Synopsis: A.I. is transforming the job interview—and everything after

Allyson Barr
February 3, 2020

Pieter Schalkwijk, Head of Kraft Heinz’s Talent Acquisition for Europe, the Middle East, and Africa, is responsible for finding the best and brightest additions to his 5,600-person team. For perspective on how daunting this task can be, for around 40 job openings, his team has received 12,000 applications. This means that ~1 in 300 (or .3%) will get the job. The remaining 99.97% of candidates likely don’t hear back, and might have actually been well-suited for the job. Time-constrained recruiters either didn’t get to their resumes before finding their next new hire, or filtered them out based on GPA, past experience, or even based on their first and last name.

Before implementing pymetrics as a first-pass filter, Kraft Heinz recruiters did tend to look for top-tier universities. Now, Schalkwijk says, “it doesn’t matter if you’re from Cambridge.” pymetrics was designed to be mutually-beneficial for candidates and recruiters alike, allowing for a more fun and engaging candidate experience, and for recruiters to receive objective fit-scores to the role candidates apply for. Such scores are determined by the custom-models pymetrics has built with the data of 250 top-performing Kraft Heinz staffers. Their attributes, as represented by how they completed each of the 12 pymetrics games, serve as a benchmark against which all candidates are compared. This data ultimately helps decide job offers, essentially creating a machine-assisted recruiting class. Before implementing pymetrics, about 70% of Kraft Heinz trainee hires had business degrees. Last year, only about half did, and around 40% had engineering degrees. They have been so pleased with early results, Schalkwijk says, that they’re already using pymetrics in some U.S. hiring efforts.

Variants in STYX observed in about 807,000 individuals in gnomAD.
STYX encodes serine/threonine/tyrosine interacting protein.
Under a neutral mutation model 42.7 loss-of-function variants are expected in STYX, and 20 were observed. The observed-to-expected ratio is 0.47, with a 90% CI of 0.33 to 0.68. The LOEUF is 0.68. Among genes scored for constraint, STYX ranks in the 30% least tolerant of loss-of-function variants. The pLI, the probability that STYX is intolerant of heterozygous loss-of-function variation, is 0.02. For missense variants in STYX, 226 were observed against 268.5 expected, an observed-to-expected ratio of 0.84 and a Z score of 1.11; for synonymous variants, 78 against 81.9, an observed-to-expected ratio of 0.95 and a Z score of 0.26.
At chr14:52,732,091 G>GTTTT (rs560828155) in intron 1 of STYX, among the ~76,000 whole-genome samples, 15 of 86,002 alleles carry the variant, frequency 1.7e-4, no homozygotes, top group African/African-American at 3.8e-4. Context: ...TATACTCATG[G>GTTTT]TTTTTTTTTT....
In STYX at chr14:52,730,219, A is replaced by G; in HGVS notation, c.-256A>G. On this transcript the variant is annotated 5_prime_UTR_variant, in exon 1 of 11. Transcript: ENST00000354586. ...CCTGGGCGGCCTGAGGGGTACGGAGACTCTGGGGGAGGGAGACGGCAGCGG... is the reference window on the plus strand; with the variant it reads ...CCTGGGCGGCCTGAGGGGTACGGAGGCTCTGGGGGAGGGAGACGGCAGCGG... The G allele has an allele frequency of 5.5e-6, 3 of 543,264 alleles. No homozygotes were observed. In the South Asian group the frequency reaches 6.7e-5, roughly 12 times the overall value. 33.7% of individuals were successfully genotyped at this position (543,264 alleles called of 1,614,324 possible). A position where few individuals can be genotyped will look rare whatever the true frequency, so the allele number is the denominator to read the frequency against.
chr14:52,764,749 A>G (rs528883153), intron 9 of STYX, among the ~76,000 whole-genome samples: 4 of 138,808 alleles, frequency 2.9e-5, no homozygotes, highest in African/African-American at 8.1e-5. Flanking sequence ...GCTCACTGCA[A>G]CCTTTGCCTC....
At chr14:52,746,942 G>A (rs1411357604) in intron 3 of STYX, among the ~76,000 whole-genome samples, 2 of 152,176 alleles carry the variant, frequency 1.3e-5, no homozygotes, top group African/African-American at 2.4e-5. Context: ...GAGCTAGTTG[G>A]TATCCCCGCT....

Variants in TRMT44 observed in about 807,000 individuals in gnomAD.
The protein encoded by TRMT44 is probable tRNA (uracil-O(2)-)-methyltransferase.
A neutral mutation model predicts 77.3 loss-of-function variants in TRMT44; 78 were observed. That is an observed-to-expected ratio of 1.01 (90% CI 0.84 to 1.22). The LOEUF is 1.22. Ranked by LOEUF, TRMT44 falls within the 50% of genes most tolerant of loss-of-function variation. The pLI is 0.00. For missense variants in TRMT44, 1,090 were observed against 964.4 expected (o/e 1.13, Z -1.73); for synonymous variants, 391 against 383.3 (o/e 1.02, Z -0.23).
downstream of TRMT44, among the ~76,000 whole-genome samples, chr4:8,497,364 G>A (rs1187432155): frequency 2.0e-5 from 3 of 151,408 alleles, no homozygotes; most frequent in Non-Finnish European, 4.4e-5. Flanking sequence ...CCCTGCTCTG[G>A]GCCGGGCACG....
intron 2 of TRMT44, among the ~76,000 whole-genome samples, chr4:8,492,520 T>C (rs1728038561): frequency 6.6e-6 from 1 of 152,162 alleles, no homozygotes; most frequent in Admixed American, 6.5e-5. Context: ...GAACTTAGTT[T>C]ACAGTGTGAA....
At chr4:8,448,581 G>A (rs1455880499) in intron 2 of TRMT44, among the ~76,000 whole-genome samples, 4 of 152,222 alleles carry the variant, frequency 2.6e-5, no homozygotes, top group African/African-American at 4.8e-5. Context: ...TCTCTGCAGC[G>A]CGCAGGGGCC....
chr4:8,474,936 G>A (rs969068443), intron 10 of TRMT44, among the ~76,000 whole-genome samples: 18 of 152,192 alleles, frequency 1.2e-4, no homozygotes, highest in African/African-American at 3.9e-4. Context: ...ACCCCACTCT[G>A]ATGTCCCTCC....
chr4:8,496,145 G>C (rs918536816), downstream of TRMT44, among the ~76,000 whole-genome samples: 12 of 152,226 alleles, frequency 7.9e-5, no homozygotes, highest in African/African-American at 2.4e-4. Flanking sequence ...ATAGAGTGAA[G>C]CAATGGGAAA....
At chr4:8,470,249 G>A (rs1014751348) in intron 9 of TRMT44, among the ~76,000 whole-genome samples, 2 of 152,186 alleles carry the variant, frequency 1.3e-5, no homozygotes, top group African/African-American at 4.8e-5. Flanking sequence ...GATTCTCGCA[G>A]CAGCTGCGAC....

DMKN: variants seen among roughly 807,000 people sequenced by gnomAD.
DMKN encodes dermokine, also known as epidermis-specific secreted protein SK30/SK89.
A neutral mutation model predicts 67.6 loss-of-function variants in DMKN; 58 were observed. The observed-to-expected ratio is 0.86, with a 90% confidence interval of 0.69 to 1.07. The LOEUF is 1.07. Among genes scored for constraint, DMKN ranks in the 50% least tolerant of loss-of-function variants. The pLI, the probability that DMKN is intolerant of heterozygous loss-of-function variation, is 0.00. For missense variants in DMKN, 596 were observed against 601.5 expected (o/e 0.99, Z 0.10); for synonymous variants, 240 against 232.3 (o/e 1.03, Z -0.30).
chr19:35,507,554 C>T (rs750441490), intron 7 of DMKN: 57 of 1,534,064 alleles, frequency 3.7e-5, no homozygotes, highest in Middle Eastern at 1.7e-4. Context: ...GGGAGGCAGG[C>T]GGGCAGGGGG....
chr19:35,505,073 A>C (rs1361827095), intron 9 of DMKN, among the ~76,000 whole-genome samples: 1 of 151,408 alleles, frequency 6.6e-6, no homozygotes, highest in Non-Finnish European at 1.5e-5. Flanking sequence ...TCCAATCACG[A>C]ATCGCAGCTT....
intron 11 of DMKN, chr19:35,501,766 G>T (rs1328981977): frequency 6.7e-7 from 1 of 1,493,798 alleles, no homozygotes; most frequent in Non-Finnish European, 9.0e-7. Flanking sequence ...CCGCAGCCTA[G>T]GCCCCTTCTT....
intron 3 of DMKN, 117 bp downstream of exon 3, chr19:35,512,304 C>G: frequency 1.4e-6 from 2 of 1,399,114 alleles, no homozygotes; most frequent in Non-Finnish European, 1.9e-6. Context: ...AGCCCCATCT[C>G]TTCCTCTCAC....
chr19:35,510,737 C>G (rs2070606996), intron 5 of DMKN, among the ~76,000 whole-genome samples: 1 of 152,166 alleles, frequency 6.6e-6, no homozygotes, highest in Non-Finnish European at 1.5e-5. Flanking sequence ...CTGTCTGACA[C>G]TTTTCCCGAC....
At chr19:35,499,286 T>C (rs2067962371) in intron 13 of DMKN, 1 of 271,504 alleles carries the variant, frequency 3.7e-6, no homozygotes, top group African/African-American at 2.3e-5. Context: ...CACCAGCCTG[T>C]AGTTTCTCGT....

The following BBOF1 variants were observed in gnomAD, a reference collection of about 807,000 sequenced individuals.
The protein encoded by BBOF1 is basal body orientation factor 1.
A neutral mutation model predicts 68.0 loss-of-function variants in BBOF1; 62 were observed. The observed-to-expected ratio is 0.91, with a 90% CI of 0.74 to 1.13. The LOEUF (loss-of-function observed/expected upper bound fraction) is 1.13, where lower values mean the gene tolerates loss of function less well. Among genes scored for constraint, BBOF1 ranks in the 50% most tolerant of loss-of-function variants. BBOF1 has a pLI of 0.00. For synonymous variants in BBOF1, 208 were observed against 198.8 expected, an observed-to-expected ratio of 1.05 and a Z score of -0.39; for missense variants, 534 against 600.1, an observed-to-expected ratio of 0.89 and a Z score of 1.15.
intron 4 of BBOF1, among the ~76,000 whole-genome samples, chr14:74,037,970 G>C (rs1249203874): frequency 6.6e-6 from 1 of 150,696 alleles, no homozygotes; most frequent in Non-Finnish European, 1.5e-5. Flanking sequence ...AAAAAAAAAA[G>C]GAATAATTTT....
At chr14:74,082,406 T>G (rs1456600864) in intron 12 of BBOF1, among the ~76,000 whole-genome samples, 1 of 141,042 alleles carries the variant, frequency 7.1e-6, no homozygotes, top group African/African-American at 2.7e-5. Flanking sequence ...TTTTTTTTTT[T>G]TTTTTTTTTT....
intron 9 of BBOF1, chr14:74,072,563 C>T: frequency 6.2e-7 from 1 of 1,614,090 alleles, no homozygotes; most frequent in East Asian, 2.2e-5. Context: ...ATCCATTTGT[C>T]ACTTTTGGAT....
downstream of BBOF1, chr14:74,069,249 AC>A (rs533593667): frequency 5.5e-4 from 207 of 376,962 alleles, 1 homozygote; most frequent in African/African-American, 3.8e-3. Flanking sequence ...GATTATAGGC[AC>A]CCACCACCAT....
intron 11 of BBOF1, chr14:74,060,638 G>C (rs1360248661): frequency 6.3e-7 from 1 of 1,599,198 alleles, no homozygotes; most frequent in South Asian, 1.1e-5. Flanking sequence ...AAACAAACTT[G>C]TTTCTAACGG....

Schalkwijk isn’t the only human resources executive putting into action this more cutting-edge and objective approach. In a 2018 Deloitte survey, 32% of business and technology executives said they were deploying A.I. for “workforce management.” That share is almost certainly higher in 2020—and is continuing to spread to some of the world’s largest companies. pymetrics clients alone include Unilever, Accenture, McDonalds, LinkedIn, Infosys, Hyatt, S&P Global, Mastercard, and more.

Furthermore, AI-driven tools are seeping their way into operations far beyond hiring, such as employee-engagement surveys, the identification of promotion opportunities, etc. Companies are increasingly relying on such tools to save time, and more importantly, mitigate bias in decision-making-- so long as it is done correctly. Frida Polli, CEO and Co-founder of pymetrics, has encouraged us all to proceed with caution, likening AI to teenage sex: “Everyone says they’re doing it, and nobody really knows what it is.” She argues that bad AI actors do exist because at the end of the day, humans, who perpetuated gender, racial, and class disparities, are also feeding the algorithms.

Unfortunately, some systems are trained on biased and homogenous datasets, so the outcomes naturally follow suit. For example, a resume-analysis program was trained on higher volumes of resumes submitted by men, and consequently taught itself that men were always the preferable hires over women. AI used for facial recognition has also come under scrutiny, as it often misidentifies or misreads faces of color. That is likely because, as Frida has asserted, “A machine-learning algorithm is like a toddler; it will learn from its environment...We haven’t had a diverse group at the table creating this technology to date.” So while we should be excited by the promise of such technological advancements, especially as they relate to talent, we also ought to think twice before adopting the next big ‘tech tool of the future’, so to speak. If you’re interested in diving into pymetrics’ uniquely ethical, human-centered design, head over to our Mission Page to learn about how humans and technology should work together to make better hiring decisions.(The article summarized here was first published by Fortune as part of a Special Report on Artificial Intelligence. Read the full article here)